InsideDefense.com has issued an update of the F-35 story referenced in my blog posting earlier today, dismissing my criticism as “flat wrong.” In an April 9 posting on its web-site, it tells readers “Defense consultant and Lexington Institute head Loren Thompson has attacked a story we wrote this week on the Joint Strike Fighter, alleging ethical lapses and claiming that the math used in the story is ‘fuzzy,’ among other wild accusations.” The posting then offers a link to the updated story in which a Pentagon spokesperson confirms that the F-35 program cost estimate in the original story was similar to what the department has actually found.
I am not going to follow the typical blogging practice of refusing to admit error in responding — reporter Jason Sherman may well have captured the essence of what the Pentagon cost estimators reported — but I don’t think a couple of nebulous comments from a mid-level spokesperson really refutes the points I raised. As chance would have it, I taught defense journalism at Georgetown University for the better part of a decade and published a well-received book on the same subject (Defense Beat, Macmillan, 1991), so I have a pretty good idea of when I’m seeing mediocre reporting. I didn’t need the inputs from journalists I have received both before and after my blog posting appeared to know Sherman’s story was unbalanced and misleading.
Let’s look at the four basic points I made, and see how wrong I really was:
1. Reporters didn’t chase the original story because a Pentagon spokesperson dismissed it as being based on “shaky math.” Still true — it wasn’t me that used the phrase “fuzzy math,” it was a Pentagon official.
2. Nothing in the program’s recent history would explain the continuous increase in program and unit costs reported by InsideDefense.com. Also true — Sherman fails to explain that all he is reporting is a shift in the assumptions used to make cost estimates, rather than some problem in program performance.
3. The estimates Sherman reports are based on numerous unprovable assumptions and he failed to explain how he extrapolated cost outcomes. This too is true, and the fact that the reporter did not mention how unreliable assumptions about future program performance, production rates and inflation trends are reinforces my assessment that the story is unbalanced.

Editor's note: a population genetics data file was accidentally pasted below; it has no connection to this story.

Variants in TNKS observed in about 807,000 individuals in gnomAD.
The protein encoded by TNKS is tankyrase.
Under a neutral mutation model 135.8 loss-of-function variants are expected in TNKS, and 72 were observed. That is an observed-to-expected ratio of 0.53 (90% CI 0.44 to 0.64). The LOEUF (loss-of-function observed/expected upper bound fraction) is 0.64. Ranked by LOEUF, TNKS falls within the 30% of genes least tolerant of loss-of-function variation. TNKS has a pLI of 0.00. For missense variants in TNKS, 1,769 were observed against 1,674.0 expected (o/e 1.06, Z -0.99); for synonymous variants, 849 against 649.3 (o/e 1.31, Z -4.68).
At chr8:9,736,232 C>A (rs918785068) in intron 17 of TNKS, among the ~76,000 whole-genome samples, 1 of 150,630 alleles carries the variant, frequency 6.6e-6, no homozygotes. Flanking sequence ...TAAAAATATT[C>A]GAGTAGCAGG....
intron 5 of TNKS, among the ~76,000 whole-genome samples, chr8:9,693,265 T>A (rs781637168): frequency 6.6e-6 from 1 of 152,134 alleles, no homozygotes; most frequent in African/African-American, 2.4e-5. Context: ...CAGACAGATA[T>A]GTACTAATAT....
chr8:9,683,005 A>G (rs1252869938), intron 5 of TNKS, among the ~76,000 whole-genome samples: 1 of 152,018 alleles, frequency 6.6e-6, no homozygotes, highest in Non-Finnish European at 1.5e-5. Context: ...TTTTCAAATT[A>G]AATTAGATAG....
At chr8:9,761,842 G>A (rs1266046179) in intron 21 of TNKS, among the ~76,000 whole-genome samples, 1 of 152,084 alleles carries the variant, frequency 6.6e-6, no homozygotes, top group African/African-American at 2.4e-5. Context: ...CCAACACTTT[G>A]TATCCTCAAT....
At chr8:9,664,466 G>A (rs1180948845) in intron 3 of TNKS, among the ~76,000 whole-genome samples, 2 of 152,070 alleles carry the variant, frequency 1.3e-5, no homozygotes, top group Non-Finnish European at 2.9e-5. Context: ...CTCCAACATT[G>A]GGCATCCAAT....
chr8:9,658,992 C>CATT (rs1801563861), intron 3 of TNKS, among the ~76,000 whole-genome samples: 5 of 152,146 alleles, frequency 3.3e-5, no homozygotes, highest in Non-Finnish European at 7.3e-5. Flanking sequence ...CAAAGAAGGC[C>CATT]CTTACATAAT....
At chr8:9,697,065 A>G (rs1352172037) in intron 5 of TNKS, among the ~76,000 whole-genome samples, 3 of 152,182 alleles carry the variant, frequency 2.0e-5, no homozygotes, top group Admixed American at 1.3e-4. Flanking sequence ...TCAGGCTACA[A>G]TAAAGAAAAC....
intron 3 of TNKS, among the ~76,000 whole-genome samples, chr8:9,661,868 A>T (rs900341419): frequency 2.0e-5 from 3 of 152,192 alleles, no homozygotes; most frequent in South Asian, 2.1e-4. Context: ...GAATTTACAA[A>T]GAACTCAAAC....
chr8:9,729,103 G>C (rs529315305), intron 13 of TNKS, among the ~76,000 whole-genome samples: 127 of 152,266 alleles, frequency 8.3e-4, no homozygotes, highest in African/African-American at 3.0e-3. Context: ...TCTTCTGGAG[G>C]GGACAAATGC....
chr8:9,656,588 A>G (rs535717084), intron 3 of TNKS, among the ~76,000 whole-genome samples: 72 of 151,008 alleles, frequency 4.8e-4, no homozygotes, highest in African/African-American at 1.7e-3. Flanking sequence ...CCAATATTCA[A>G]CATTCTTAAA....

4. Sherman is relying on a handful of sources who are prosecuting an agenda, and as a result he has produced a misleading story. Just read the headline on the original story — “Exclusive: DoD Warns Congress JSF Costs Could Skyrocket to $388 Billion By Summer” — and ask yourself whether it sounds like an objective, balanced account is likely to follow.
The bottom line on the F-35 program is that the cost of producing each plane in today’s dollars will be around $60 million, which is similar to what an F-16 or F/A-18 costs. You can add the cost of development to that if you wish, but most of the R&D money has already been spent so it isn’t likely to influence the buying behavior of prospective users. The only way the program cost ever reaches $388 billion is if we have massive inflation during the 30 years the F-35 is being built — which is certainly possible, but unknowable and unprovable today. I’m sure that William Randolph Hearst would have approved of the way InsideDefense.com presented their story, but it shouldn’t count on getting that Pulitzer Prize for investigative journalism anytime soon.
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